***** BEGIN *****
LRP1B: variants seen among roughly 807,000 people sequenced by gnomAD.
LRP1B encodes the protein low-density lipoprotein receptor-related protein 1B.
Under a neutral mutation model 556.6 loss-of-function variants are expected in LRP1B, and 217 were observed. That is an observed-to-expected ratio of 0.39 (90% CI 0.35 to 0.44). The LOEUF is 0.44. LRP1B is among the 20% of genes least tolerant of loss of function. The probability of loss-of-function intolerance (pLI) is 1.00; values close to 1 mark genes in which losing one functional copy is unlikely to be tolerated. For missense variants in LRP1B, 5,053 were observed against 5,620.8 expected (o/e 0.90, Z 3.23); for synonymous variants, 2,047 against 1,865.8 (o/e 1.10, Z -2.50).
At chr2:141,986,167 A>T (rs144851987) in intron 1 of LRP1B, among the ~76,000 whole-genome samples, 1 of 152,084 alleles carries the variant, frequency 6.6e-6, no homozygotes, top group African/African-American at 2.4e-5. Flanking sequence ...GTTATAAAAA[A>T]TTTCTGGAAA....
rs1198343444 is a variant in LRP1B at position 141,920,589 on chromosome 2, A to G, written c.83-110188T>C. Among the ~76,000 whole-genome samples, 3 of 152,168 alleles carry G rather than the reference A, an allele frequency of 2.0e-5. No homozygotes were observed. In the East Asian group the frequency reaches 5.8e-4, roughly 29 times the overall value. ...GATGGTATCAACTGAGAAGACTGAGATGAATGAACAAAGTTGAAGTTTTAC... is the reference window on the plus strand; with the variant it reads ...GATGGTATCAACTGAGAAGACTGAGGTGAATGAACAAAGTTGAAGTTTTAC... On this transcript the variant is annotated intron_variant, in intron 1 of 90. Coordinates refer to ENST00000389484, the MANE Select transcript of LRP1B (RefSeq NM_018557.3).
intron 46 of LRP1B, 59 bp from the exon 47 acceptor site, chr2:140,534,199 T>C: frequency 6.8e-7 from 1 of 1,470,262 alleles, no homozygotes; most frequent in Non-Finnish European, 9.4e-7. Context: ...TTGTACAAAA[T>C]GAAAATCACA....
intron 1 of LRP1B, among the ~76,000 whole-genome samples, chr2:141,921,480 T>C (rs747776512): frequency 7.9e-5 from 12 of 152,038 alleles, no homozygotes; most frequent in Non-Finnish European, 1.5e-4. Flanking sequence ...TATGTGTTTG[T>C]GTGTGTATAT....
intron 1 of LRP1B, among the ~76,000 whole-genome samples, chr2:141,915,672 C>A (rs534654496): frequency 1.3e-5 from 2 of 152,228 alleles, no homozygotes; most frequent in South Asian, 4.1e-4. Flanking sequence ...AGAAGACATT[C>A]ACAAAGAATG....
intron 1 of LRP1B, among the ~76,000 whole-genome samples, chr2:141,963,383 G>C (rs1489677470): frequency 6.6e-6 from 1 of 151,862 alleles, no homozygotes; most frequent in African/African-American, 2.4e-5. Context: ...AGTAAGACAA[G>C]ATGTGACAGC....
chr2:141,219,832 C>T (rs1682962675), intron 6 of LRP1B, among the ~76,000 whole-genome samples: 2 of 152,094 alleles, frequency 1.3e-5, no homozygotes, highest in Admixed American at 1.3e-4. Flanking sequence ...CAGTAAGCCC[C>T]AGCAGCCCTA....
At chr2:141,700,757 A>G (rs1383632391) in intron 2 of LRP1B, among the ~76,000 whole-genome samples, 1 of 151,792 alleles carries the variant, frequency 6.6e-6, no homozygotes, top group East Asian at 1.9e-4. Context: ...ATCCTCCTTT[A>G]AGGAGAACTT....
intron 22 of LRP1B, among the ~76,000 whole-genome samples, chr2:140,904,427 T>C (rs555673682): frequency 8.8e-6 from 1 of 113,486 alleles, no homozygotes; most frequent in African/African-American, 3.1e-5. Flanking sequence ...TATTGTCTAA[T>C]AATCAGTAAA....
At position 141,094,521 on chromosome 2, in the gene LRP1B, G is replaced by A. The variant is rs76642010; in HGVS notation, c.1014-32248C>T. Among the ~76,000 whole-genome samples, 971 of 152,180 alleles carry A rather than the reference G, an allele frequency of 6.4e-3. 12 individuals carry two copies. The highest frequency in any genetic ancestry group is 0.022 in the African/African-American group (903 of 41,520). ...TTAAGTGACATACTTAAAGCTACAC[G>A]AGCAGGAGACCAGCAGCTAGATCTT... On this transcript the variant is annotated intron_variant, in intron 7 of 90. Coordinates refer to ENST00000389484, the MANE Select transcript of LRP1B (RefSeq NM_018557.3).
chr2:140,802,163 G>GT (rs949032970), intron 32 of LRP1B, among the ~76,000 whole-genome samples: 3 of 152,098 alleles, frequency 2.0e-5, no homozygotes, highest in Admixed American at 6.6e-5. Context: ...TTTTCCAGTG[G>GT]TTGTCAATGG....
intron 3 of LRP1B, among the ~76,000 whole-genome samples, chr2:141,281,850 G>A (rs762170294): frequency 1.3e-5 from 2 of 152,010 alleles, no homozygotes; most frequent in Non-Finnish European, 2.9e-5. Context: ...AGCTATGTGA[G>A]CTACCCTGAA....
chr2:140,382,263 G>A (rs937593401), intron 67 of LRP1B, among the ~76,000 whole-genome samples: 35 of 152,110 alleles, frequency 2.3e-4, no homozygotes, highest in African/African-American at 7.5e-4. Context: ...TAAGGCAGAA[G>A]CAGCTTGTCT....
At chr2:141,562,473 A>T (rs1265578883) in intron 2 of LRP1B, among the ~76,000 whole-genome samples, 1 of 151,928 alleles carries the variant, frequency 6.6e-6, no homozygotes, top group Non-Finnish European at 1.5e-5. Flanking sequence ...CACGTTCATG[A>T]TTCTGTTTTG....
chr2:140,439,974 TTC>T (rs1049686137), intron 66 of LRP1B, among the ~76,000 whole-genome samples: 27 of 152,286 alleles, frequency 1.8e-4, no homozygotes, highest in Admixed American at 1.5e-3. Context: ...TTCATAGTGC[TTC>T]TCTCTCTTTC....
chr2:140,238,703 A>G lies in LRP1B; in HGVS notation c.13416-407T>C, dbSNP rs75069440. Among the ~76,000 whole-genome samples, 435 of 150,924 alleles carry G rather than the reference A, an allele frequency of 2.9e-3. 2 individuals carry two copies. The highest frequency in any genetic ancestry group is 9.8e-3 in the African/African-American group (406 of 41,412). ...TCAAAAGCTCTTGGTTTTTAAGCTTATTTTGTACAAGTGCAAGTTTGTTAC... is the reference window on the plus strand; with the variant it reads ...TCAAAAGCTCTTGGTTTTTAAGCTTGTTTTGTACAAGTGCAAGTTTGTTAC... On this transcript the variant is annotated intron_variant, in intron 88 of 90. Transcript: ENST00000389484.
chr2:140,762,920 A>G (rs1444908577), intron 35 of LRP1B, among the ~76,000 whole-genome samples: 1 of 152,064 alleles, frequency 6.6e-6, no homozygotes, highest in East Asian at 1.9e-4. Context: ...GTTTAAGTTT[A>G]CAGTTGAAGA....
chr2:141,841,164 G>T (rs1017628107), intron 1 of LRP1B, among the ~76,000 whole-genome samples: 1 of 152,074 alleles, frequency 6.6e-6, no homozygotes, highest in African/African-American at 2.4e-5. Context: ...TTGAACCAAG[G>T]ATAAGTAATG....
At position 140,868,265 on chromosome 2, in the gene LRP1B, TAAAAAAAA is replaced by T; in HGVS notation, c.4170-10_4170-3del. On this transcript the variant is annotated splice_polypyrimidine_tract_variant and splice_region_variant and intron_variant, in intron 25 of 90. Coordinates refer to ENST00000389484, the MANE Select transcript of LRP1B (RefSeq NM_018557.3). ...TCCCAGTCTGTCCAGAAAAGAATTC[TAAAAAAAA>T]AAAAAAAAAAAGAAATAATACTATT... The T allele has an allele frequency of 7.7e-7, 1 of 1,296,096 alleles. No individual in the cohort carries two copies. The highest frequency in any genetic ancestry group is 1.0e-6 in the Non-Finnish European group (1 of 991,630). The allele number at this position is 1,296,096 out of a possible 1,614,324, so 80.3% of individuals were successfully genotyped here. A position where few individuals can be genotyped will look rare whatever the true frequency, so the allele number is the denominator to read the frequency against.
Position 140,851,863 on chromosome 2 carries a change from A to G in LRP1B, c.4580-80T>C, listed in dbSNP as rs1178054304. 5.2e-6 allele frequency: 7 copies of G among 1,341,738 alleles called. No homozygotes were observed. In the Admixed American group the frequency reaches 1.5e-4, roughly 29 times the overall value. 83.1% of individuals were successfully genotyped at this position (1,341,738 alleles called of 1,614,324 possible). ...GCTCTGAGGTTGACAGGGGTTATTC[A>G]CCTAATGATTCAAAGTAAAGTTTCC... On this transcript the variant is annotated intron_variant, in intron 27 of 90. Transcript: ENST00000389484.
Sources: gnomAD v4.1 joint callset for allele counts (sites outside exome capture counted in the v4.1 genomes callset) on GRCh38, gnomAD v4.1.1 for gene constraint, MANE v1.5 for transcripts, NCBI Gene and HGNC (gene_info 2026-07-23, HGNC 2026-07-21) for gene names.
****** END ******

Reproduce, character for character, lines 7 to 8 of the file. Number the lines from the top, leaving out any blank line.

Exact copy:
intron 1 of LRP1B, among the ~76,000 whole-genome samples, chr2:141,921,480 T>C (rs747776512): frequency 7.9e-5 from 12 of 152,038 alleles, no homozygotes; most frequent in Non-Finnish European, 1.5e-4. Flanking sequence ...TATGTGTTTG[T>C]GTGTGTATAT....
intron 1 of LRP1B, among the ~76,000 whole-genome samples, chr2:141,915,672 C>A (rs534654496): frequency 1.3e-5 from 2 of 152,228 alleles, no homozygotes; most frequent in South Asian, 4.1e-4. Flanking sequence ...AGAAGACATT[C>A]ACAAAGAATG....